When it comes to your lawn, there are some things you prefer to see and others you don’t.
You like a nice thick stand of green grass that is even in tone and consistent in texture.
You don’t want to see weird, off-color, leggy patches that don’t match the rest of the grass. Those are weeds, and some of them are amazing at rooting themselves in your lawn and staying awhile, learning how to survive in all conditions and slowly taking over your regular grass.
One particularly strong Maryland weed is nutsedge.
And getting rid of nutsedge can be quite a challenge. Let’s learn more about this lawn invader and how you can keep it out of your yard.
A Closer Look at Nutsedge
As a grass-like weed, nutsedge is known to grow faster than your regular grass, meaning it’ll usually stand taller than your lawn. You’ll notice this a couple of days after mowing for sure, as nutsedge rises up.
As a perennial weed with a massive reproduction system, nutsedge will come back year after year if you don’t get a handle on it. Like other weeds, they are persistent and aggressive by nature, stealing water and nutrients from your lawn at any chance they can get.
Getting rid of nutsedge, therefore, involves a multi-pronged approach, including proper identification, proper lawn care, and proper control strategies.
The Two Main Types of Nutsedge in Maryland
Learning how to get rid of nutsedge means learning about the different species that you can find in your lawn.
Yellow nutsedge and purple nutsedge commonly invade Maryland lawns.
They have some differences. Seed heads of yellow nutsedge are yellowish in color and the leaves are lighter green, while purple nutsedge seed heads are reddish-brown with darker green leaves. While purple nutsedge only grows to 16 inches tall, yellow nutsedge can grow up to 3 feet tall. Leaves are often longer than the stems of yellow nutsedge, but leaves are shorter than the stems of purple nutsedge.
What Makes Nutsedge A Tough Weed to Control?
Nutsedge grows from numerous underground tubers, so trying to pull it usually is only a temporary solution for getting rid of nutsedge. This is because when you pull it, you never get every part of the plant. The nodules that are smaller than a pea easily snap off the roots when you pull them, staying in the ground to regrow a new weed later.
Once established, nutsedge can survive in most soil conditions. It doesn’t mind rocky soil that’s hard or damp soil. And it will take over if left unchecked. It’s one of the hardier weeds out there.
The Best Way to Get Rid of Nutsedge
Since nutsedge isn’t a broadleaf or grassy weed, common herbicides that are used to control other weeds in your lawn will not have much impact on nutsedge.
Luckily, there are new herbicide products coming out on a regular basis that are designed to treat sedges. While more expensive, these products can help suppress nutsedge growth each year to eventually eliminate them from your lawn.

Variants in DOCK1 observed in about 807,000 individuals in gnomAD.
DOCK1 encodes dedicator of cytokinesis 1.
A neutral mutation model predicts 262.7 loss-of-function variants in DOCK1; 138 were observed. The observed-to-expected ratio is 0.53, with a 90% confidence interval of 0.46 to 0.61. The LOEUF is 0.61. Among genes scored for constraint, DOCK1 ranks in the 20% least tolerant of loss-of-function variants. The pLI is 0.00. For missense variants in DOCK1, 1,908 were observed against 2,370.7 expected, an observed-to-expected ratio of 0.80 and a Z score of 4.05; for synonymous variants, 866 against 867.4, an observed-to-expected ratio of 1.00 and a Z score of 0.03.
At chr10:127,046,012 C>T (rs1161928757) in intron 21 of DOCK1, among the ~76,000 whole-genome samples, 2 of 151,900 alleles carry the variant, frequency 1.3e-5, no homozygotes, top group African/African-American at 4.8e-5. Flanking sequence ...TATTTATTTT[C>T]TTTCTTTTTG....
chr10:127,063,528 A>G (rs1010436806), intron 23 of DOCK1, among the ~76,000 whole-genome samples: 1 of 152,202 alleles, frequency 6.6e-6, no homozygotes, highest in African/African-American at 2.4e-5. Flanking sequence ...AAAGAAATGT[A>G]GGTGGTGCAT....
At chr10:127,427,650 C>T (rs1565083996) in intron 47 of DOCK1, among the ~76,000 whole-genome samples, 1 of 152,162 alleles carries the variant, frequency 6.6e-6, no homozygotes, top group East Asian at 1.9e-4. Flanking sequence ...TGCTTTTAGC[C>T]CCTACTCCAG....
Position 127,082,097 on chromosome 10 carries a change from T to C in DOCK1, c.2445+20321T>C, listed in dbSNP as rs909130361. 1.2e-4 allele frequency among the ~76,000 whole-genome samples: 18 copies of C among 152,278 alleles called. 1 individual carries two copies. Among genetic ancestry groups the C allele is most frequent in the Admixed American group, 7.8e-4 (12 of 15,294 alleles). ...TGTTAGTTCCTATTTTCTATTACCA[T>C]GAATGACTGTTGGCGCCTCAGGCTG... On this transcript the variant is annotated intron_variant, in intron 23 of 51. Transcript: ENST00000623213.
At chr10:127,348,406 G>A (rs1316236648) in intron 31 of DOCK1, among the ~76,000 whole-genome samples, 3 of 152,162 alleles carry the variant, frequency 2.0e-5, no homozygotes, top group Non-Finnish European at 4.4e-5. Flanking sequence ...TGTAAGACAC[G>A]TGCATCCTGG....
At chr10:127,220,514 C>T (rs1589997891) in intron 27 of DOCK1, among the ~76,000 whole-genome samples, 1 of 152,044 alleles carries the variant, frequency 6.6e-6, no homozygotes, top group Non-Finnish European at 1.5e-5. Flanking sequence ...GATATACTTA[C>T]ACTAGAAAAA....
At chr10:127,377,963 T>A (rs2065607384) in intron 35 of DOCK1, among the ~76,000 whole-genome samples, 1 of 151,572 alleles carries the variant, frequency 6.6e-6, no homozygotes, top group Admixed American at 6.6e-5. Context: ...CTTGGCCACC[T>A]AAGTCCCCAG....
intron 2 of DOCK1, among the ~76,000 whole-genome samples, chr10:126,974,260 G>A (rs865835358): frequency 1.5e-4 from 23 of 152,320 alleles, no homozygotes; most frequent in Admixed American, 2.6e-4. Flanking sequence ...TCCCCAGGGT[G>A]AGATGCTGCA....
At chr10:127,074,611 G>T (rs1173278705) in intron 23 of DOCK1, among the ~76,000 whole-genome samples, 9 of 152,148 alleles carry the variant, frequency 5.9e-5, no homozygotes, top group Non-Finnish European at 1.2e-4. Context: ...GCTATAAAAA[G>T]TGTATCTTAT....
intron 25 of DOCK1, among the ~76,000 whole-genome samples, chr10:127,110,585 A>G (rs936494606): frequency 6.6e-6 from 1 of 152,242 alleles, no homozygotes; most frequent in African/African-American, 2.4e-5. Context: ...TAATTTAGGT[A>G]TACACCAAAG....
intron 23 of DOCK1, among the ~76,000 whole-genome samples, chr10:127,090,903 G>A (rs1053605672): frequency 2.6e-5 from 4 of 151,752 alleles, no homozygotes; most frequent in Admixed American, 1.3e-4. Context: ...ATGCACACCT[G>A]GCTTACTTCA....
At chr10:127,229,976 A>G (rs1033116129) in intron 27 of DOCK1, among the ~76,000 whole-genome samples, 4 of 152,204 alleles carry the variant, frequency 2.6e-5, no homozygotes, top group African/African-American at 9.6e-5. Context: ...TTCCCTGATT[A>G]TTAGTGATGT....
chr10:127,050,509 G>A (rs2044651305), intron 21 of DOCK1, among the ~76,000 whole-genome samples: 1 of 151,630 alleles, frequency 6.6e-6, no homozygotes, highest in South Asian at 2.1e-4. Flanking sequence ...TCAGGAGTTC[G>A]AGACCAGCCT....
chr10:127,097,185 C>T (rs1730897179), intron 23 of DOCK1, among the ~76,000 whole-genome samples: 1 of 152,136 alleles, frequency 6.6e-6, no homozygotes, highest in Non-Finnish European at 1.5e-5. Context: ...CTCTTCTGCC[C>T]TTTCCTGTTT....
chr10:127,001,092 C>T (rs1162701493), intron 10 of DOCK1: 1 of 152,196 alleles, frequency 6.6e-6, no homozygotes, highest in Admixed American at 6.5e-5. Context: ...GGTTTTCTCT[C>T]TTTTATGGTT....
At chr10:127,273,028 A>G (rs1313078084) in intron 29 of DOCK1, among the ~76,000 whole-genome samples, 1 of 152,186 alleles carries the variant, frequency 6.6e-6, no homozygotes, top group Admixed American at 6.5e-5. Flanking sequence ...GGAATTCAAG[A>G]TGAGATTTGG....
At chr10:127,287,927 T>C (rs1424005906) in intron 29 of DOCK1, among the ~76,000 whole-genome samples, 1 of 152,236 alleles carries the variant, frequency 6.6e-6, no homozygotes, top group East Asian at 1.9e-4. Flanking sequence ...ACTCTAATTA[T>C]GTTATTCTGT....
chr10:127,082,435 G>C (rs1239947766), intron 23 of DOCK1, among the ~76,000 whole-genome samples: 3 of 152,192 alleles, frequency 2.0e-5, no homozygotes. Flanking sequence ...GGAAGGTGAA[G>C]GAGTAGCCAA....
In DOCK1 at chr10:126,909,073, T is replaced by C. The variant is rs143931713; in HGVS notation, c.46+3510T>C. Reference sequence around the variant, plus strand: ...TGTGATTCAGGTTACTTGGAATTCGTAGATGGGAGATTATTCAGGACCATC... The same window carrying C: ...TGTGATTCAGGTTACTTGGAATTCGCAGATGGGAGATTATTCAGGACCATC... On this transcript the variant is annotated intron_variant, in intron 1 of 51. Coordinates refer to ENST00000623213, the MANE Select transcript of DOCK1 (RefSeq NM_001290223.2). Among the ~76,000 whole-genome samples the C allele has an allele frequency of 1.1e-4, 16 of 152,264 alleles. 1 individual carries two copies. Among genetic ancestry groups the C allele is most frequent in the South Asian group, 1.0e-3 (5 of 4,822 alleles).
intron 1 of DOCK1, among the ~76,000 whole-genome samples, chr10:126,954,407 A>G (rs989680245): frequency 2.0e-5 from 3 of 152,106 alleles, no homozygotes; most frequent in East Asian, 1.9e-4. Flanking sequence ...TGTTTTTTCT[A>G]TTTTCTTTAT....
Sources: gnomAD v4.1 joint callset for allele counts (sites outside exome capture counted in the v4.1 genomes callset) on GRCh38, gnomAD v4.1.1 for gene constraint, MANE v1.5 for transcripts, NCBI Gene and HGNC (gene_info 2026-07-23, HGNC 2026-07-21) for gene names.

You want to make sure you’re working with a local lawn care professional who stays up-to-date on new products for getting rid of nutsedge so you can gain better control of it in your lawn. An expert who remains informed on these advancements in lawn care technology will do a better job eliminating all weeds in the long-run than one who uses the same old products that have no impact.
A Healthy Lawn Can Also Help You Get Rid of Nutsedge
In addition to proper weed control strategies that are targeted specifically to nutsedge, you want to make sure your lawn is in the best position to remain defensive against all weeds, including nutsedge.
Since nutsedge prefers warm, moist soil, you never want to over- or under-water. Let your lawn dry out before nightfall so it doesn’t stay wet for long periods of time to aid in getting rid of nutsedge. Early morning watering can help with this watering strategy.
Great airflow is also helpful when drying out your lawn. To improve airflow, aerate your lawn annually and overseed it to fill in bare spots where weeds can sneak in.
Proper fertilization based on a soil test will also ensure your lawn is getting the nutrients it needs to thrive. A nutrient-deficient lawn can draw in more weeds than just nutsedge.
When mowing, remember not to cut your lawn too short or trim too much during a single mowing. This stresses your lawn. Keep your lawn at a 3.5- to 4-inch height.
Stop Nutsedge in Your Maryland Lawn
Weeds are a nuisance. You know it. We know it.
But if you’re seeing areas that tend to grow taller than your lawn after mowing and appear different than your desirable grass, you might have nutsedge.
Proper lawn care and working with a lawn care service partner who knows how to handle difficult and tricky weeds like nutsedge can make a world of difference in your Maryland lawn’s appearance.
Not sure what to do? Give Natural Green a call. We tackle weeds on a daily basis, and nutsedge doesn’t phase us. We regularly try new herbicide technologies to ensure we find the best way to get rid of nutsedge and keep our customers happy and their lawns looking great.
Is nutsedge giving your lawn a bad rep? We’d love to help. Get started today with a free quote. Together, we’ll prepare a customized plan for your Central or Southern Maryland lawn so you can make an educated decision and banish weeds for good.